When my family moved to Detroit, the summer between my first and second grade, Tommy was the first friend I made. He too was the son of a pastor—so we had that in common—but his mother hated the idea of punishment.
Tommy’s mother caught us smoking cigarette butts behind their church which was right next door to their house. (How could we have been so stupid?) She explained that the butts have other people’s germs. When that insight failed to motivate him, she offered a pack of gum for every day he didn’t smoke.
Instead of obedience, Tommy’s mom favored explanation, “Do you really want someone’s butt in your mouth?”, and bribery. (My own mother’s response was more pointed and painful.)
Reasoning and bribery didn’t stick. The pleasure of sex and drugs made more sense (and paid better) than his mother’s urgings and graft. By the time he was twenty, Tommy had been arrested for drugs that he sold to support his pregnant girlfriend.
[This article is about obedience not about parenting—though there are implications for parenting as well.]
Tommy’s father favored stricter discipline but his mom’s philosophy was, “I don’t want to crush his spirit.” She let him crush his own.
God’s Commandments Seem Odd
God’s first commandment in Scripture was, “Don’t eat from that tree.” God doesn’t explain it. He doesn’t say, “Fruit from that tree is high in cholesterol and you don’t want clogged arteries.”
It’s odd. I would think his first command would be to avoid something obviously bad: “Don’t kill,” or, “Don’t hurt each other.”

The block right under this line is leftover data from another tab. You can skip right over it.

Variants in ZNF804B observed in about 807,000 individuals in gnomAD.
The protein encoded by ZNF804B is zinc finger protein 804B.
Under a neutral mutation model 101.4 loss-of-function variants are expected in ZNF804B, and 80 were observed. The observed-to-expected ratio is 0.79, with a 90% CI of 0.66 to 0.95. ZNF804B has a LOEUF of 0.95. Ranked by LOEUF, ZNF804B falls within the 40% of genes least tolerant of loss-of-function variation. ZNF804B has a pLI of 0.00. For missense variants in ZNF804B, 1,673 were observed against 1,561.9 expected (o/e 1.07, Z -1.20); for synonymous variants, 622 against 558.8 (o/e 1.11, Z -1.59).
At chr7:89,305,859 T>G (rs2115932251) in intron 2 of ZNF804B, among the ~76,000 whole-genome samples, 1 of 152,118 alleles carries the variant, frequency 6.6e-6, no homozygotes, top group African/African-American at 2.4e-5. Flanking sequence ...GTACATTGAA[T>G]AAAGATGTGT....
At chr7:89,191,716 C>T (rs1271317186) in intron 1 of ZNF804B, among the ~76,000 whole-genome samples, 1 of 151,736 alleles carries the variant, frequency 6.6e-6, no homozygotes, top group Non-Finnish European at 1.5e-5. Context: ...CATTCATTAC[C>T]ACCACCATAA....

God’s first command is to forbid something that appears good. Many subsequent commands make more sense: don’t kill, lie, or steal. But his very first commandment prohibits something attractive and appealing. With no further enlightenment.
We want understanding: “Just give me an explanation!” But agreement is not obedience. Reliance on agreement means that our real master is our own understanding (and sometimes God happens to get it right). Real obedience arises from believing God knows more than we do.
Only when obedience doesn’t make sense do we begin to learn to obey. Why was God’s first command so mysterious? Because the heart of obedience is allowing God to be Lord.
Godly obedience means trusting the inexplicable commands of God no matter how strongly our hearts speak contrary, or our cultures disagree, or our feelings rebel, or our desires overwhelm.
We Need the Hard to Receive the Soft
Scripture overflows with puzzling directives that don’t make sense. They include decrees about sexuality, money, work and rest, gender, parenting, marriage, and even good deeds. Some seem sensible (because of our personality or culture) while others seem ridiculous.
Obedience means making God our Lord. The essence of worship is not the songs that begin our church service. Worship begins when we declare, “Your ways not mine.”
And it’s a two-way street. When God becomes our Lord—and only when he becomes our Lord—we can receive his equally inexplicable assurances. Agreement-based obedience trains us to trust our own feelings or understandings. But what hope will our emotions and reason be when our hearts tell us that even God couldn’t love us?
When our hearts are dismayed (or our spirits are crushed), we need a trustworthy Lord to set things right:
“If our hearts condemn us, God is greater than our hearts and he knows everything.”